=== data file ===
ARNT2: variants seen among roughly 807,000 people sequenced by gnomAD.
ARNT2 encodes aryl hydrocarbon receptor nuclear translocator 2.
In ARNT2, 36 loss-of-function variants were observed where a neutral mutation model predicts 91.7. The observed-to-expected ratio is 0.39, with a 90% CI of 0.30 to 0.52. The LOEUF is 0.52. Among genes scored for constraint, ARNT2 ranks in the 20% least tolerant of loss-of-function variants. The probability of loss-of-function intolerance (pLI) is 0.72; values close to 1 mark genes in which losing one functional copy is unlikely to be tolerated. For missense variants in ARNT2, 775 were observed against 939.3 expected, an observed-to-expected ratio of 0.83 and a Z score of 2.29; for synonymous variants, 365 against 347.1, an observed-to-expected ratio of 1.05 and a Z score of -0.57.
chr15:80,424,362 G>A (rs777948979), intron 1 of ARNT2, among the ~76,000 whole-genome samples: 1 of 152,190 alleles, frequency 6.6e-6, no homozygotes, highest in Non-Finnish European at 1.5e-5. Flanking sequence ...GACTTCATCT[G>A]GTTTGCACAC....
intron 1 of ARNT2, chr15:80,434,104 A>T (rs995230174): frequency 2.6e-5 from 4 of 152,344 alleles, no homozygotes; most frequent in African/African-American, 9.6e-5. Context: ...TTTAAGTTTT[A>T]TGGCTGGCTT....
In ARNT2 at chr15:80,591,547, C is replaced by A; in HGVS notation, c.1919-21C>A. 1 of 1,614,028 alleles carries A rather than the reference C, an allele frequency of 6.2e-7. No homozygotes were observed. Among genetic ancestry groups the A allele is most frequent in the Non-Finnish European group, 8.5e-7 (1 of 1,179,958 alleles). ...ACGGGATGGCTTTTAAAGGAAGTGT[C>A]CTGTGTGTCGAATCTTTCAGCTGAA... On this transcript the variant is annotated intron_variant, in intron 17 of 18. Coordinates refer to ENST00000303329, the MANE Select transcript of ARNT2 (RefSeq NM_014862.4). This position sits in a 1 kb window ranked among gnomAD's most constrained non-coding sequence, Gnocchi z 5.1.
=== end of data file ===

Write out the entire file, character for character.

ARNT2: variants seen among roughly 807,000 people sequenced by gnomAD.
ARNT2 encodes aryl hydrocarbon receptor nuclear translocator 2.
In ARNT2, 36 loss-of-function variants were observed where a neutral mutation model predicts 91.7. The observed-to-expected ratio is 0.39, with a 90% CI of 0.30 to 0.52. The LOEUF is 0.52. Among genes scored for constraint, ARNT2 ranks in the 20% least tolerant of loss-of-function variants. The probability of loss-of-function intolerance (pLI) is 0.72; values close to 1 mark genes in which losing one functional copy is unlikely to be tolerated. For missense variants in ARNT2, 775 were observed against 939.3 expected, an observed-to-expected ratio of 0.83 and a Z score of 2.29; for synonymous variants, 365 against 347.1, an observed-to-expected ratio of 1.05 and a Z score of -0.57.
chr15:80,424,362 G>A (rs777948979), intron 1 of ARNT2, among the ~76,000 whole-genome samples: 1 of 152,190 alleles, frequency 6.6e-6, no homozygotes, highest in Non-Finnish European at 1.5e-5. Flanking sequence ...GACTTCATCT[G>A]GTTTGCACAC....
intron 1 of ARNT2, chr15:80,434,104 A>T (rs995230174): frequency 2.6e-5 from 4 of 152,344 alleles, no homozygotes; most frequent in African/African-American, 9.6e-5. Context: ...TTTAAGTTTT[A>T]TGGCTGGCTT....
In ARNT2 at chr15:80,591,547, C is replaced by A; in HGVS notation, c.1919-21C>A. 1 of 1,614,028 alleles carries A rather than the reference C, an allele frequency of 6.2e-7. No homozygotes were observed. Among genetic ancestry groups the A allele is most frequent in the Non-Finnish European group, 8.5e-7 (1 of 1,179,958 alleles). ...ACGGGATGGCTTTTAAAGGAAGTGT[C>A]CTGTGTGTCGAATCTTTCAGCTGAA... On this transcript the variant is annotated intron_variant, in intron 17 of 18. Coordinates refer to ENST00000303329, the MANE Select transcript of ARNT2 (RefSeq NM_014862.4). This position sits in a 1 kb window ranked among gnomAD's most constrained non-coding sequence, Gnocchi z 5.1.